After you create the key expiration policy, you can use Azure Policy to monitor whether a storage account's keys have been rotated within the recommended interval. For details, see Check for key expiration policy violations.
To rotate your storage account access keys in the Azure portal:
- Update the connection strings in your application code to reference the secondary access key for the storage account.
- Navigate to your storage account in the Azure portal.
- Under Security + networking, select Access keys.
- To regenerate the primary access key for your storage account, select the Regenerate button next to the primary access key.
- Update the connection strings in your code to reference the new primary access key.
- Regenerate the secondary access key in the same manner.
Microsoft recommends using only one of the keys in all of your applications at the same time. If you use Key 1 in some places and Key 2 in others, you will not be able to rotate your keys without some application losing access.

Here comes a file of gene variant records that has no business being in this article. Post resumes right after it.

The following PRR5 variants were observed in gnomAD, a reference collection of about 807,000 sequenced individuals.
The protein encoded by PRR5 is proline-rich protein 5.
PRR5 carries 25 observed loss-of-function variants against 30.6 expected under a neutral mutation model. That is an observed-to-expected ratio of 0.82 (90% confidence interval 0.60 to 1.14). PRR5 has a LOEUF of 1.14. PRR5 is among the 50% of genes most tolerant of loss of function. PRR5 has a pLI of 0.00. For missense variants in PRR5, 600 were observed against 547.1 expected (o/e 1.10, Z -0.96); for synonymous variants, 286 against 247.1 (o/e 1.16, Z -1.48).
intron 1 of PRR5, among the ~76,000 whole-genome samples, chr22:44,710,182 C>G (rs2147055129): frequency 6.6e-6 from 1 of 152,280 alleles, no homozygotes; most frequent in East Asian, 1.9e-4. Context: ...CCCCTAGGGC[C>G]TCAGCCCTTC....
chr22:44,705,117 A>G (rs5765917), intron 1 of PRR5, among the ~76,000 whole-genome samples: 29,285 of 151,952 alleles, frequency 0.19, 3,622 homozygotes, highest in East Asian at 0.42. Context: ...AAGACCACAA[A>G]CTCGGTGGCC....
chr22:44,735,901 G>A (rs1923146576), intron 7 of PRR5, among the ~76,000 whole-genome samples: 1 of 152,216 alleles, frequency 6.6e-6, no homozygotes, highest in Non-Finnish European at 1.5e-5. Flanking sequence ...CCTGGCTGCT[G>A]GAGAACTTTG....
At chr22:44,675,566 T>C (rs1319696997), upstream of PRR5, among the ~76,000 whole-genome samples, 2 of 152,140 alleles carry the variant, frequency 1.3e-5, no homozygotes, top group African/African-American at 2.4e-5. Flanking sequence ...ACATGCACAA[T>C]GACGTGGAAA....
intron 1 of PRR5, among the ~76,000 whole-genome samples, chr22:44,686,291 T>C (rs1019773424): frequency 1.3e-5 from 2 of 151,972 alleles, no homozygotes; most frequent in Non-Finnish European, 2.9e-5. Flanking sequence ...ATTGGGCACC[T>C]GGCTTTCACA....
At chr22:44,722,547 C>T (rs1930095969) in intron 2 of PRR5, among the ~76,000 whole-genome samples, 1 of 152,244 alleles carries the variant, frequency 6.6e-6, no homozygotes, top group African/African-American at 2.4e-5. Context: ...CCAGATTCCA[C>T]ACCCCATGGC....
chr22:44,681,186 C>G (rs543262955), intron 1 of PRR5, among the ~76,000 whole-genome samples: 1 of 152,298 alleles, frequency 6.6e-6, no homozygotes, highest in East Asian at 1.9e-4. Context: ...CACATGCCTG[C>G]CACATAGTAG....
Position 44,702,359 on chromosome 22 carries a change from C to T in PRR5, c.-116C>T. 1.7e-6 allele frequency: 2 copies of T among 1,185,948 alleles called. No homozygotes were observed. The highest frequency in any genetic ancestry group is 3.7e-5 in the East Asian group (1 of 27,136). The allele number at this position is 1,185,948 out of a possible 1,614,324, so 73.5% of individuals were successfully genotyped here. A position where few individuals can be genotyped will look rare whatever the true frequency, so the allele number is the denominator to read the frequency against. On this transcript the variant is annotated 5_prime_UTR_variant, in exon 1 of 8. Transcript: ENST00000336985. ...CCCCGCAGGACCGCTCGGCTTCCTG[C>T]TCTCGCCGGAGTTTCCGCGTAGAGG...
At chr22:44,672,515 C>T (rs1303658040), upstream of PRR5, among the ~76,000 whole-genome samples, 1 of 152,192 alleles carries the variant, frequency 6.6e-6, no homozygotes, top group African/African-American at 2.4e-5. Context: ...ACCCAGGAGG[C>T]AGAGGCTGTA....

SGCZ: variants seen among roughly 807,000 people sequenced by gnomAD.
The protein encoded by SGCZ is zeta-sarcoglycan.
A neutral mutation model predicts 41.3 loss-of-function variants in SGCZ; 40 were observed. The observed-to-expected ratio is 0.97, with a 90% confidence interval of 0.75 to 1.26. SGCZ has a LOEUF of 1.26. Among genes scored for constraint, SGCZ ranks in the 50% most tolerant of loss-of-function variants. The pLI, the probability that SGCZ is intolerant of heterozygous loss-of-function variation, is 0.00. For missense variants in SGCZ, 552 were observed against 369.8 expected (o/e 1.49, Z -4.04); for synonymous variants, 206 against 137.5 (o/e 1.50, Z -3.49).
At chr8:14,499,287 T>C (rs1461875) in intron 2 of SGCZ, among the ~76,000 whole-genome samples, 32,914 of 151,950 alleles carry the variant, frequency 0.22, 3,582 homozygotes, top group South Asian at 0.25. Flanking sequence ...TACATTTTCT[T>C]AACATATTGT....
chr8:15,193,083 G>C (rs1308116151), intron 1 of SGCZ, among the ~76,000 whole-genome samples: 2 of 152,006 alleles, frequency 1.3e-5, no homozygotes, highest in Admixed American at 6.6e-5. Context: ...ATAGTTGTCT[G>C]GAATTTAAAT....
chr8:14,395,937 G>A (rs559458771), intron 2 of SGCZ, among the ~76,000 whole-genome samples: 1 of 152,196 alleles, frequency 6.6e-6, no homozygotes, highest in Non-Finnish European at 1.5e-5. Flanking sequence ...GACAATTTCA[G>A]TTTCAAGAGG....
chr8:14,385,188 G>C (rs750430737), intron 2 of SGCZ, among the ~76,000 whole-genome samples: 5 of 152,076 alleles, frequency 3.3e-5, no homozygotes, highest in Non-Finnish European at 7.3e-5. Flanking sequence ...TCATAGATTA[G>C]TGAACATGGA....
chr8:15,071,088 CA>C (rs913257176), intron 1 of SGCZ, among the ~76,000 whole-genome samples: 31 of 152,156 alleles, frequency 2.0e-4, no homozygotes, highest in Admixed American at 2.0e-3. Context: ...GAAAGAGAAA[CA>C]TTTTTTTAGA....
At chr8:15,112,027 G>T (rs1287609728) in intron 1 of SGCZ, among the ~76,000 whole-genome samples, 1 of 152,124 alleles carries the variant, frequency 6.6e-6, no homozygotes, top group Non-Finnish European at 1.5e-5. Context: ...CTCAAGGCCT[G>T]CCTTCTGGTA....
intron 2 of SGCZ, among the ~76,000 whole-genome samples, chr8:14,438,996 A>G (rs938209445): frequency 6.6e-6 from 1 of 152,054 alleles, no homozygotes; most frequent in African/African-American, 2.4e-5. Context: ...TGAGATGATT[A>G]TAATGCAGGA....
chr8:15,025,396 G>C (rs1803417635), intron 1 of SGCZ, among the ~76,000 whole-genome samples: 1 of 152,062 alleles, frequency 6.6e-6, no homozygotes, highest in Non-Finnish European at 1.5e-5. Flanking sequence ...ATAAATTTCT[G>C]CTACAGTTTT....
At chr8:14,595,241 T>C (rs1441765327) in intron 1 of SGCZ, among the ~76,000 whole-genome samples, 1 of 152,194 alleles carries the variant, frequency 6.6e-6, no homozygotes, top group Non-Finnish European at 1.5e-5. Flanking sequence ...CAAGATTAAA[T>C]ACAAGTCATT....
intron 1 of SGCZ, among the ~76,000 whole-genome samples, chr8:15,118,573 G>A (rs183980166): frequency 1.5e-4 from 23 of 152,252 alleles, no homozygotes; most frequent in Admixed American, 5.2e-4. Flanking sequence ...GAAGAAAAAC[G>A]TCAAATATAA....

To rotate an account's access keys, the user must either be a Service Administrator, or must be assigned an Azure role that includes the Microsoft.Storage/storageAccounts/regeneratekey/action. Some Azure built-in roles that include this action are the Owner, Contributor, and Storage Account Key Operator Service Role roles. For more information about the Service Administrator role, see Azure roles, Azure AD roles, and classic subscription administrator roles. For detailed information about Azure built-in roles for Azure Storage, see the Storage section in Azure built-in roles for Azure RBAC.
Create a key expiration policy
A key expiration policy enables you to set a reminder for the rotation of the account access keys. The reminder is displayed if the specified interval has elapsed and the keys have not yet been rotated. After you create a key expiration policy, you can monitor your storage accounts for compliance to ensure that the account access keys are rotated regularly.
Before you can create a key expiration policy, you may need to rotate each of your account access keys at least once.